Select Committee on European Union Forty-Ninth Report


Letter from the Chairman to Margaret Hodge MBE MP, Minister of State for Lifelong Learning and Higher Education, Department for Education and Skills

  Sub-Committee F (Social Affairs, Education and Home Affairs) considered the proposal at its meeting on 15 May. The Committee welcomes this attempt to simplify and consolidate existing legislation and case-law on the recognition of professional qualifications in the European Union. In its recent report entitled Working in Europe: Access for All (15th Report, session 2001-02, HL paper 88), the Committee stressed the need for a simplified, transparent and flexible regime of professional recognition in the regulated professions as a means of enhancing labour mobility within the EU.

  The Committee notes that, along with consolidating existing legislation, the draft Directive includes a series of innovations. While at first sight these innovations seem helpful, their exact scope is at times unclear. We would therefore be grateful to receive your comments on the following matters.

Free movement of services

  The Committee welcomes the flexible regimes envisaged for service providers but notes that the provisions of services is somewhat artificially distinguished from establishment through the use of a 16-week per year threshold. Is the Government satisfied with the use of this criterion? Article 5(2), on the other hand, does not preclude assessment on a case-to-case basis: would this allow periodic activities exceeding the 16-week threshold to be classified as services in certain circumstances?

  In your Explanatory Memorandum, you refer to the need to strike the right balance between free movement and public health and safety protection. We would welcome any concrete examples of how public health and safety might be compromised by the current draft and any views on how these potential challenges might be addressed.

Freedom of establishment—common platforms

  The proposal innovates in establishing a flexible mechanism of co-operation between the Commission and the professional associations in Member States in putting forward "common platforms", setting out criteria which, if fulfilled by the applicant's qualifications, would enable the requirement for compensatory measures by the host Member State to be waived. It is however unclear how this assessment is going to be made: will it be done by the Commission itself, the Committee referred to in Article 54, or the authorities of the host Member State?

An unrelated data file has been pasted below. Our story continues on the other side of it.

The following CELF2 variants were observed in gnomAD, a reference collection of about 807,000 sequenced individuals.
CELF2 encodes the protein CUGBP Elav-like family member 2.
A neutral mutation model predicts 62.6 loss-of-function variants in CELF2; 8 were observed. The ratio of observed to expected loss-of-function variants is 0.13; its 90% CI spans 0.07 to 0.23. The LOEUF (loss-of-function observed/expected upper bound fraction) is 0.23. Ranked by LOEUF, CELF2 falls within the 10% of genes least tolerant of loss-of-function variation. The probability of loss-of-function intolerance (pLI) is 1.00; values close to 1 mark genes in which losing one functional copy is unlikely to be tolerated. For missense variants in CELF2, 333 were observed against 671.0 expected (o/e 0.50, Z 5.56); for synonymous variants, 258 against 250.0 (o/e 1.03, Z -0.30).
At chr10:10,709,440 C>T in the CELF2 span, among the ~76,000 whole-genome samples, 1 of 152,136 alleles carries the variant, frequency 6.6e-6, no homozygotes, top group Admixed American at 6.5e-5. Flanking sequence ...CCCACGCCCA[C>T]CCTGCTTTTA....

Freedom of establishment-knowledge of languages

  The Committee welcomes the incorporation of ECJ case-law in Article 49 of the draft Directive, requiring that knowledge of the language of the host Member State must be proportionate to the practice of the beneficiaries' profession. We further note that, where appropriate, it is for the host Member State to ensure that the applicant can acquire the necessary knowledge of the language. What is the cost, if any, of such obligation to the Member States involved? Is the Government prepared to accept this provision as it currently stands?

The Committee on the recognition of professional qualifications

  The Directive states that this Committee is there "to assist" the Commission and the Commission's EM adds that that the Committee "can also be seized of all questions concerning the working of the Directive" (p 15). But its exact tasks are far from clear. You note in your Explanatory Memorandum that the full implications of this development will need to be discussed in detail. We would welcome any further information on the role, powers and functions of this body.

  The Committee decided to retain the document under scrutiny pending clarification of these points.

16 May 2002

Letter from the Chairman to Ms Margaret Hodge MBE MP, Minister of State for Lifelong Learning and Higher Education, Department for Education and Skills

  Thank you for your letter of 3 July regarding the above proposal. Your detailed response has been very helpful to Sub-Committee F in its examination of the proposal and is greatly appreciated.

  We note that a number of important points (such as the balance between free movement and the protection of public health) are still in need of clarification. The Committee supports the introduction of safeguards on these matters and welcomes your commitment to keep us informed of progress during negotiations. The Committee decided to clear the present document from scrutiny, but will, of course, wish to follow further developments closely.

18 July 2002

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